Indoor positioning adds location awareness to your indoor GIS. It enables real-time indoor navigation for visitors and building occupants to improve efficiency and reduce frustration of finding places and points of interest. It also supports facilities and IT workers in reducing services times, helping them navigate to work order locations and assets in complex campuses. Indoor positioning unlocks other capabilities like location sharing and providing insights related to occupancy patterns and trends in your indoor environment.
An Indoor Positioning System (IPS) is needed to get the familiar “blue dot” on an indoor map. The blue dot in common outdoor navigation apps is powered by Global Positioning System (GPS) which requires an unobstructed view of the sky hence it does not work inside buildings.
An increasing number of options for enabling IPS are available and your choice depends on various factors including existing hardware infrastructure like Bluetooth beacons and WiFi access points, accuracy requirements, and mobile device types amongst others.
ArcGIS Indoors mobile apps provide support for ArcGIS IPS, which uses Bluetooth beacons for positioning and works on both iOS and Android devices. ArcGIS IPS can also support WiFi-based positioning on Android devices, if the device is configured to allow WiFi sensor probing. WiFi positioning uses wireless access point (WAP) signal strengths to trilaterate the user’s location.
WiFi-based positioning on iOS is provided by Apple’s IPS and is supported by the ArcGIS Indoors mobile app for iOS.
Configure Apple IPS for ArcGIS Indoors
In this blog, we will discuss how to set up Apple IPS. Apple requires floor plan data in Indoor Mapping Data Format (IMDF) which can be created using floor plan data from ArcGIS Indoors. Safe Software provides an FME (Feature Manipulation Engine) workbench that converts an Indoors model geodatabase to IMDF using the ArcGIS Data Interoperability Extension. The following steps are required to convert data to IMDF and configure Apple Indoor Positioning:
- Sign up for Apple Indoor Maps Program through Apple Business Register
- Prepare indoor data for IMDF
- Run the FME workbench to convert indoor data to IMDF using the ArcGIS Data Interoperability Extension
- Validate IMDF in Apple’s IMDF Sandbox
- Submit IMDF to Apple for verification and approval
- Perform indoor surveys using Apple Indoor Survey app
- Test indoor positioning to assess accuracy and overall performance
After completing the above, you can make the IPS available for use in mobile apps such as Indoors Mobile.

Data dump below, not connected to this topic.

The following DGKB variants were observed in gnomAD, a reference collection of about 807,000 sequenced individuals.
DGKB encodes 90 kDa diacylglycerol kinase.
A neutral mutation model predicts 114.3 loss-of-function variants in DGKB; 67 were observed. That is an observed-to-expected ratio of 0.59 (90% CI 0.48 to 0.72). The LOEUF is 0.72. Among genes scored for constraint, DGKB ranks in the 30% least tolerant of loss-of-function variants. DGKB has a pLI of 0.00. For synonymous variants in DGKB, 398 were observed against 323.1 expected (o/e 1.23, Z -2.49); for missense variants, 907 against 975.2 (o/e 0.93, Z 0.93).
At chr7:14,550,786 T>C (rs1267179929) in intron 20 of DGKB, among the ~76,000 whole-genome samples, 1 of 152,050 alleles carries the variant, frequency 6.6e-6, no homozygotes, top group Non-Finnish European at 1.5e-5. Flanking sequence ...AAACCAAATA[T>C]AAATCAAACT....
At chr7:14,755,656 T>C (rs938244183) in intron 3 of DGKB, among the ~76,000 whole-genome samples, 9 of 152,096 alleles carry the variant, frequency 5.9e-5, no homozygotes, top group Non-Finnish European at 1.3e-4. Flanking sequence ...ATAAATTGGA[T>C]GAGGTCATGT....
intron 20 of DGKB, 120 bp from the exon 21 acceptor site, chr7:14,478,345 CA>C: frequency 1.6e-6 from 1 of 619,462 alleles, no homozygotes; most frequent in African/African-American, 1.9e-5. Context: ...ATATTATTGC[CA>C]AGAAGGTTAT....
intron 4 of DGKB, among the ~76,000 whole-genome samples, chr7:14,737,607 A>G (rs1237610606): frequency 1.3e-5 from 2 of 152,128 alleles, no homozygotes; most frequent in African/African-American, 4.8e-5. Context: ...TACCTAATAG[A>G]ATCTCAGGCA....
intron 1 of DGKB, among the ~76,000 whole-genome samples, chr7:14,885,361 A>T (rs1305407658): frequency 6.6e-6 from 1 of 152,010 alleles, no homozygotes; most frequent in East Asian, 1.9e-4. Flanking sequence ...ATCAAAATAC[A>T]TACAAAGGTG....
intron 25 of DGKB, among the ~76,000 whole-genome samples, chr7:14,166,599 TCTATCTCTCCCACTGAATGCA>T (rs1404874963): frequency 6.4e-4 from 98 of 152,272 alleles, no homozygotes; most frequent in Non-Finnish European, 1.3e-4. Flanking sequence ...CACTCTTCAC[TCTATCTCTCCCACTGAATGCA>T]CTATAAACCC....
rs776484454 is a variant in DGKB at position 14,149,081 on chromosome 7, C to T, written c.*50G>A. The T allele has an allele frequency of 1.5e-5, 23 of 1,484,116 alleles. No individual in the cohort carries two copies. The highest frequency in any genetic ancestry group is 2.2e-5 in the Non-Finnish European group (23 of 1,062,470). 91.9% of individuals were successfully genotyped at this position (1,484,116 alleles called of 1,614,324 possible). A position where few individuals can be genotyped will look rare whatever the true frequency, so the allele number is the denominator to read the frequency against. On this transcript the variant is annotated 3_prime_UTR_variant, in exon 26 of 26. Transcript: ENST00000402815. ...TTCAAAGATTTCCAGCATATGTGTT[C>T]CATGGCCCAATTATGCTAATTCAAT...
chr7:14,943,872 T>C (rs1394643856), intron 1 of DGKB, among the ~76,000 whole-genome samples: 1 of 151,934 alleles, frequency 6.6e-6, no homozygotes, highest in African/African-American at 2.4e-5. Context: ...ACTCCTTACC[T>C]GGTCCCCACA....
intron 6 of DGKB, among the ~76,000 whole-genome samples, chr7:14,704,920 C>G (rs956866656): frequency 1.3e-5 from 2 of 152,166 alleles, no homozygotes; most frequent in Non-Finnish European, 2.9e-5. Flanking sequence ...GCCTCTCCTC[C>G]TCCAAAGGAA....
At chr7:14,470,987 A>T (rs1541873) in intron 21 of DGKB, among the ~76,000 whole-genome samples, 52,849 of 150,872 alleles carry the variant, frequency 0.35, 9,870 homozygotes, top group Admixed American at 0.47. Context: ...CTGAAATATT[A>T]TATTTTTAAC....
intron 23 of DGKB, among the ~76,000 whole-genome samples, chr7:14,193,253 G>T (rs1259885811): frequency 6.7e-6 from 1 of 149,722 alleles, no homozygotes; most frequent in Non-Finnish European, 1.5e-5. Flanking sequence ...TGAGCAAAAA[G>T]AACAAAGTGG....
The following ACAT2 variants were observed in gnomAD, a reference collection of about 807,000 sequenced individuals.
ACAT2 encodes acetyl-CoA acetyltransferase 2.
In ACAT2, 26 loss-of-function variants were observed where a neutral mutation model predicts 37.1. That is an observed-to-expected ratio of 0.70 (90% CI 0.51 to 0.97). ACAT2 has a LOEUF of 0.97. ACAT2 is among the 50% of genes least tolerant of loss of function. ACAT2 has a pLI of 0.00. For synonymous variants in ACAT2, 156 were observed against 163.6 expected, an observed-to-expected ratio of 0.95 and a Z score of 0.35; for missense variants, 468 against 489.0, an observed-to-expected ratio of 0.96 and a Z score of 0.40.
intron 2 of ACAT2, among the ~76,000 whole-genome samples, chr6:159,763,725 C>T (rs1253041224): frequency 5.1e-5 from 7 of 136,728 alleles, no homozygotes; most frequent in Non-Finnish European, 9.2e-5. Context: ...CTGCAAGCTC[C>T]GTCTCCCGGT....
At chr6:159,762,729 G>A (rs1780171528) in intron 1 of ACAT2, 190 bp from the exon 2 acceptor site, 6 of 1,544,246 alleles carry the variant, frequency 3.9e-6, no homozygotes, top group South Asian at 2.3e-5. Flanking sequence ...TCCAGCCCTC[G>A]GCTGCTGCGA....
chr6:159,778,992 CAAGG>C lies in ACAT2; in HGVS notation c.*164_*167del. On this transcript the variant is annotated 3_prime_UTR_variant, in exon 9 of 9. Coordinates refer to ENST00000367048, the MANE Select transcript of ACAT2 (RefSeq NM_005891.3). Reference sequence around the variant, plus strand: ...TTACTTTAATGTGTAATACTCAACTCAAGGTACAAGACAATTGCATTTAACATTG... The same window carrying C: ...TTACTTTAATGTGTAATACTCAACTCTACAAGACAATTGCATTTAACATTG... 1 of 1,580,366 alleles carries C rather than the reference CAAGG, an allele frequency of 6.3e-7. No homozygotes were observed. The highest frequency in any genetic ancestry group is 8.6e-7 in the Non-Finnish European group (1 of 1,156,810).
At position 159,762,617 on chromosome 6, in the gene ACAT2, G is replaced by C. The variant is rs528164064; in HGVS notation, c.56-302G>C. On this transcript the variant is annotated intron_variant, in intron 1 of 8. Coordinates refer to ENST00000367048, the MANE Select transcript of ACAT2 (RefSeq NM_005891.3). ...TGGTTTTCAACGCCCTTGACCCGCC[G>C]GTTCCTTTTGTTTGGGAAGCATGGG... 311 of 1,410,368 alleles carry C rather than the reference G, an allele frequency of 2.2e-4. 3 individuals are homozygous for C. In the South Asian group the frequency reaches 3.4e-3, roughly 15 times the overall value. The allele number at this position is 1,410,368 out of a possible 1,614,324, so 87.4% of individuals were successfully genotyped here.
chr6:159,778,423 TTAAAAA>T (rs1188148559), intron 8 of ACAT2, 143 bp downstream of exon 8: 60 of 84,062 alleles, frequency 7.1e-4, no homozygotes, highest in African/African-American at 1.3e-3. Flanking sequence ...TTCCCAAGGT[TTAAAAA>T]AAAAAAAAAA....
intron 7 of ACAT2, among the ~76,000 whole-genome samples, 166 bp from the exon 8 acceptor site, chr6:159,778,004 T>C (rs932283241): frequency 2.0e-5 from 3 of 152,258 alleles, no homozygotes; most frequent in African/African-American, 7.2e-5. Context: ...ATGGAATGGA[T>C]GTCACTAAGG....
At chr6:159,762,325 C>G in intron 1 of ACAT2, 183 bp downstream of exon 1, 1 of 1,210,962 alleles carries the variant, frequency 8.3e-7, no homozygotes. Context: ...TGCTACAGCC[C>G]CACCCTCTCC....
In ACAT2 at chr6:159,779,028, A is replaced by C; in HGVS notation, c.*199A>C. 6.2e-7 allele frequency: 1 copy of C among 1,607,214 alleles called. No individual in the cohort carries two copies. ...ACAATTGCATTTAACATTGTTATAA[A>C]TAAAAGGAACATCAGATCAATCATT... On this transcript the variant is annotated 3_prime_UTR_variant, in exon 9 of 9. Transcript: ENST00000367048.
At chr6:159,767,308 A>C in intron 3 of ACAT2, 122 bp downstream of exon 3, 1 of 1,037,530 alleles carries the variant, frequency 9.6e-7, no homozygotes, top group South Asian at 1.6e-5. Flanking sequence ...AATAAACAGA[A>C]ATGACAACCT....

In order to complete the steps detailed in the blog, you should be familiar with the following:
- ArcGIS Pro
- ArcGIS Data Interoperability Extension
- The ArcGIS Indoors Information Model
- Creating a mobile map package (MMPK) for Indoors Mobile
Prepare indoor data for IMDF
Apple has certain data requirements for floor plans and will validate the IMDF file to ensure that requirements are met. Completing the following data configuration in ArcGIS Pro before running the Data Interoperability workbench can help ensure a more seamless validation process once you upload the IMDF file to Apple.
- Run the Generate Unit Openings geoprocessing tool to create simple line features that represent the entryways to units.
- Run the Repair Geometry geoprocessing tool on the floor plan layers (Facilities, Levels, Units, and Details). Choose OGC for the Validation Method parameter. This repairs self-intersections, duplicate vertices, unclosed polygons, and other geometry issues.
- Run Indoors validation checks and resolve flagged issues, such as duplicate IDs, overlapping units, and gaps between units on a level.
- Ensure that the USE_TYPE field is populated for Units features to make them easily identifiable. At a minimum, ensure that stairs, elevators, and walkways (such as hallways and atriums) are identifiable based on their USE_TYPE field value.
- Ensure that units are completely covered by the level with which they are associated. You can make minor changes to comply with this rule in the IMDF Sandbox.
Run the Indoors to IMDF workbench
Once you have validated and cleaned up your floor plan data, you can convert the Indoors model to an IMDF file to use for Apple indoor positioning. To convert the Indoors model to IMDF, use the ArcGIS Data Interoperability extension to run the ArcGIS Indoors Model to IMDF workbenches, available for download on FME Hub.
After downloading the workbenches from FME Hub, complete the following steps to convert your floor plan data to IMDF:
- Run the Make Indoors To IMDF Mapping Table workbench using the Data Interoperability extension. The workbench will create a Category_Address_Map XLSX spreadhseet.
- After running the Make Indoors To IMDF Mapping Table workbench, update the Category_Address_Map spreadsheet based on your data. At a minimum, update the following:
- On the Sites sheet, update the location information (Address, Locality, State, County, Postal Code) from the default values to the correct values for your venue.